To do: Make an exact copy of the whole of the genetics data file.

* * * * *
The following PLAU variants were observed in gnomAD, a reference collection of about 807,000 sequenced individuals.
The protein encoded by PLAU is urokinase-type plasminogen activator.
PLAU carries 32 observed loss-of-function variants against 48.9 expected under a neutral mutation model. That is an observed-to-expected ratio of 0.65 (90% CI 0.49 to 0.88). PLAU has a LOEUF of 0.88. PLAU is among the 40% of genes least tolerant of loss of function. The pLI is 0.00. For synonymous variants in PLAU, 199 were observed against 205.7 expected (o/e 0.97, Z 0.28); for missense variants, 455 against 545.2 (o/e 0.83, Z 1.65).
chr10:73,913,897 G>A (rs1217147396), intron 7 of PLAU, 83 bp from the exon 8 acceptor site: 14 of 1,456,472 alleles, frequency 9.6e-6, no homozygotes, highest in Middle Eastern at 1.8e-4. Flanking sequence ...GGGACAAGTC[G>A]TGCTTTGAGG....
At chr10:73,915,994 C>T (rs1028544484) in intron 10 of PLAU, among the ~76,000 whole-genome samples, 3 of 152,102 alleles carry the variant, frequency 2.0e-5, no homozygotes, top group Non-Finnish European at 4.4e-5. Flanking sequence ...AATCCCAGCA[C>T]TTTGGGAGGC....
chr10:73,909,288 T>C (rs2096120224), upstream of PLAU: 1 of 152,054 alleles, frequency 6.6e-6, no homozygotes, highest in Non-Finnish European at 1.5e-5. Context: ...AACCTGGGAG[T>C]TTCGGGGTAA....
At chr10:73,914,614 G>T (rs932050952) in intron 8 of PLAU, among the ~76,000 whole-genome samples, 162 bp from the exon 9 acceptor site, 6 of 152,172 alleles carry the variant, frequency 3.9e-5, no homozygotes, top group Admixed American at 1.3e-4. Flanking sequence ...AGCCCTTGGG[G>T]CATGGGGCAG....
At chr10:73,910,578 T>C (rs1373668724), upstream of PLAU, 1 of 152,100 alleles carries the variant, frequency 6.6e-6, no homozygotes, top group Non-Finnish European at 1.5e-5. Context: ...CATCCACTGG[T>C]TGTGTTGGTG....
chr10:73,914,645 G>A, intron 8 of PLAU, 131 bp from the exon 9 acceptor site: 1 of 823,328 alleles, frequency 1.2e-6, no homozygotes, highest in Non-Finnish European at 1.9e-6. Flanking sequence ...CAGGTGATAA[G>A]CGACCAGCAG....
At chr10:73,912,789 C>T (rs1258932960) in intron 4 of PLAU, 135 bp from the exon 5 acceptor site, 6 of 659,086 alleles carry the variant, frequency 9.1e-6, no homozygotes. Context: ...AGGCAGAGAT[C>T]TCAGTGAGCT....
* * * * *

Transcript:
The following PLAU variants were observed in gnomAD, a reference collection of about 807,000 sequenced individuals.
The protein encoded by PLAU is urokinase-type plasminogen activator.
PLAU carries 32 observed loss-of-function variants against 48.9 expected under a neutral mutation model. That is an observed-to-expected ratio of 0.65 (90% CI 0.49 to 0.88). PLAU has a LOEUF of 0.88. PLAU is among the 40% of genes least tolerant of loss of function. The pLI is 0.00. For synonymous variants in PLAU, 199 were observed against 205.7 expected (o/e 0.97, Z 0.28); for missense variants, 455 against 545.2 (o/e 0.83, Z 1.65).
chr10:73,913,897 G>A (rs1217147396), intron 7 of PLAU, 83 bp from the exon 8 acceptor site: 14 of 1,456,472 alleles, frequency 9.6e-6, no homozygotes, highest in Middle Eastern at 1.8e-4. Flanking sequence ...GGGACAAGTC[G>A]TGCTTTGAGG....
At chr10:73,915,994 C>T (rs1028544484) in intron 10 of PLAU, among the ~76,000 whole-genome samples, 3 of 152,102 alleles carry the variant, frequency 2.0e-5, no homozygotes, top group Non-Finnish European at 4.4e-5. Flanking sequence ...AATCCCAGCA[C>T]TTTGGGAGGC....
chr10:73,909,288 T>C (rs2096120224), upstream of PLAU: 1 of 152,054 alleles, frequency 6.6e-6, no homozygotes, highest in Non-Finnish European at 1.5e-5. Context: ...AACCTGGGAG[T>C]TTCGGGGTAA....
At chr10:73,914,614 G>T (rs932050952) in intron 8 of PLAU, among the ~76,000 whole-genome samples, 162 bp from the exon 9 acceptor site, 6 of 152,172 alleles carry the variant, frequency 3.9e-5, no homozygotes, top group Admixed American at 1.3e-4. Flanking sequence ...AGCCCTTGGG[G>T]CATGGGGCAG....
At chr10:73,910,578 T>C (rs1373668724), upstream of PLAU, 1 of 152,100 alleles carries the variant, frequency 6.6e-6, no homozygotes, top group Non-Finnish European at 1.5e-5. Context: ...CATCCACTGG[T>C]TGTGTTGGTG....
chr10:73,914,645 G>A, intron 8 of PLAU, 131 bp from the exon 9 acceptor site: 1 of 823,328 alleles, frequency 1.2e-6, no homozygotes, highest in Non-Finnish European at 1.9e-6. Flanking sequence ...CAGGTGATAA[G>A]CGACCAGCAG....
At chr10:73,912,789 C>T (rs1258932960) in intron 4 of PLAU, 135 bp from the exon 5 acceptor site, 6 of 659,086 alleles carry the variant, frequency 9.1e-6, no homozygotes. Context: ...AGGCAGAGAT[C>T]TCAGTGAGCT....